Pennington v. State

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345 S.W.2d 527 (1961)

Odis Odell PENNINGTON, Appellant, v. STATE of Texas, Appellee.

No. 32647.

Court of Criminal Appeals of Texas.

March 29, 1961.

*528 William Lawrence Scarborough, Corpus Christi, for appellant.

Sam L. Jones, Jr., Dist. Atty., Corpus Christi, Leon B. Douglas, State's Atty., Austin, for the State.


Our prior opinion is withdrawn, and the following is substituted in lieu thereof.

The offense is robbery by assault; the punishment, 30 years.

At the trial, the State offered evidence that on the date alleged appellant committed the offense of robbery upon the injured party in Nueces County as charged in the indictment.

Appellant timely filed, within 90 days after giving notice of appeal, certain formal bills of exception with the clerk of the court. No action is shown to have been taken by the court on the bills within 100 days after the date notice of appeal was given. Under the provisions of Article 760d, Vernon's Ann.C.C.P., the bills will be considered as approved by the court. Lair v. State, Tex.Cr.App., 333 S.W.2d 389.

Formal bill of exception No. 6 certifies that, while the district attorney was making his closing argument to the jury, he made the following statement:

"The people of Nueces County expect you to put this man away."

The bill certifies that appellant objected to the argument "on the ground that said argument was implying public opinion or community wishes and that he was injecting a new and harmful fact into evidence * * *" and requested the court to instruct the jury not to consider the argument. The bill further certifies that the court overruled appellant's objection to the argument and that the argument was not provoked, invited or in reply to argument of appellant's counsel.

The argument complained of was clearly improper and calls for a reversal of the conviction.

It is well settled in this State that it is improper for State's counsel in argument to the jury to try to induce them to convict the defendant because the people desire a conviction. See 1 Branch's Ann. P.C., 2nd ed., par. 388, p. 407.

In the case of Woolly v. State, 93 Tex. Cr.R. 384, 247 S.W. 865, this Court, in passing upon argument of State's counsel when he argued to the jury to convict the accused because the "evidence warrants it, and because the people of Denison desire it" said:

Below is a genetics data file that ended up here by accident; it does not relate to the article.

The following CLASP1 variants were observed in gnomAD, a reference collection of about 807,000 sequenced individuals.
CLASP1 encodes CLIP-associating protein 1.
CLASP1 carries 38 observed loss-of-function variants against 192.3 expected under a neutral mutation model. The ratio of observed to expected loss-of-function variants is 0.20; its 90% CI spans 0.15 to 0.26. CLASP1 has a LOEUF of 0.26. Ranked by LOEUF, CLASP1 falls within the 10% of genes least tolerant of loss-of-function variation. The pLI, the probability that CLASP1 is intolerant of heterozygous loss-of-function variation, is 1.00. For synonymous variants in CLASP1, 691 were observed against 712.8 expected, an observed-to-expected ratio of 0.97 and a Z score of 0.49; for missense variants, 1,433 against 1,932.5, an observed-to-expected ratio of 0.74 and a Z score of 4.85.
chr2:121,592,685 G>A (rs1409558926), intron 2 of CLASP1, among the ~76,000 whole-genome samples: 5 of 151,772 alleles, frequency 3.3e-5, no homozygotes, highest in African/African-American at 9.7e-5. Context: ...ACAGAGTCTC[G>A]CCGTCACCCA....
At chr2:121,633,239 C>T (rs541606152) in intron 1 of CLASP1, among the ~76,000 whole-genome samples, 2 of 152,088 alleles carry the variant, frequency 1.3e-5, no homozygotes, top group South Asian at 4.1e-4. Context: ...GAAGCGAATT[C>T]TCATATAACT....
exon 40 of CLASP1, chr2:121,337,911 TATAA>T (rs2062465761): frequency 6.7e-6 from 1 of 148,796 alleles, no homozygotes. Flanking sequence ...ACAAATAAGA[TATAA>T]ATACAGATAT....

"It was certainly proper for counsel to insist upon the conviction of appellant on the ground that the evidence, in his judgment, authorized it; but, when he departed from the record and insisted that the people of Denison desired such conviction he was placing before the jury a fact not in evidence, one which, if true, ought not to be considered by the jury in determining the guilt of a party on trial."

*529 In Porter v. State, 154 Tex.Cr.R. 252, 226 S.W.2d 435, 436, the district attorney in his closing argument to the jury said, "The people of this community expect you to put this man away, and the only way you can do it is to send Willie Porter to the electric chair." This Court in reversing the conviction because of such argument said:

"We have frequently held that a statement by the prosecuting attorney as to what the people are expecting and what the people want brings before the jury a fact that was not heard from the witness box and is reversible error. * * * "We think the bill shows error requiring a reversal of the case because the attorney made an assertion of a fact which is calculated to and probably did have a damaging influence before the jury."

In the rather recent case of Cox v. State, 157 Tex.Cr.R. 134, 247 S.W.2d 262, 263, a conviction was reversed because of argument of State's counsel when he said, "The people of De Soto are asking the jury to convict this defendant." In reversing the conviction, we said:

"Whenever a prosecutor tells a jury that the people of the community want an accused convicted, he is not only injecting a new and harmful fact into the evidence which had no place there originally, but he is conducting his case along lines never contemplated by the framers of our Constitution."

Argument to the jury by State's counsel in Hazzard v. State, 111 Tex.Cr.R. 539, 15 S.W.2d 638, 639, that "The eyes of Comanche County are upon you. Look at this crowd in this court room, and a crowd has been here all during this trial. The will and wish of every lawabiding citizen of Comanche County wants a verdict of death," was held reversible error. In so holding, this Court said:

"The effect of the above language was to ask for a conviction upon public sentiment rather than upon the evidence, and to give a verdict of death because the public desired it. Constitutional guaranties have been found necessary to protect the liberty of men from the hasty judgment of the multitude."

The argument complained of in the instant case was not supported by the record and injected new and harmful facts into the case. Such argument was obviously prejudicial to appellant and requires that the judgment of conviction be reversed.

For other authorities in support of the conclusion reached herein, see Kelley v. State, 79 Tex.Cr.R. 362, 185 S.W. 570, and Peysen v. State, 136 Tex.Cr.R. 127, 124 S.W.2d 137.

The judgment is reversed and the cause is remanded.

WOODLEY, P. J., absent.

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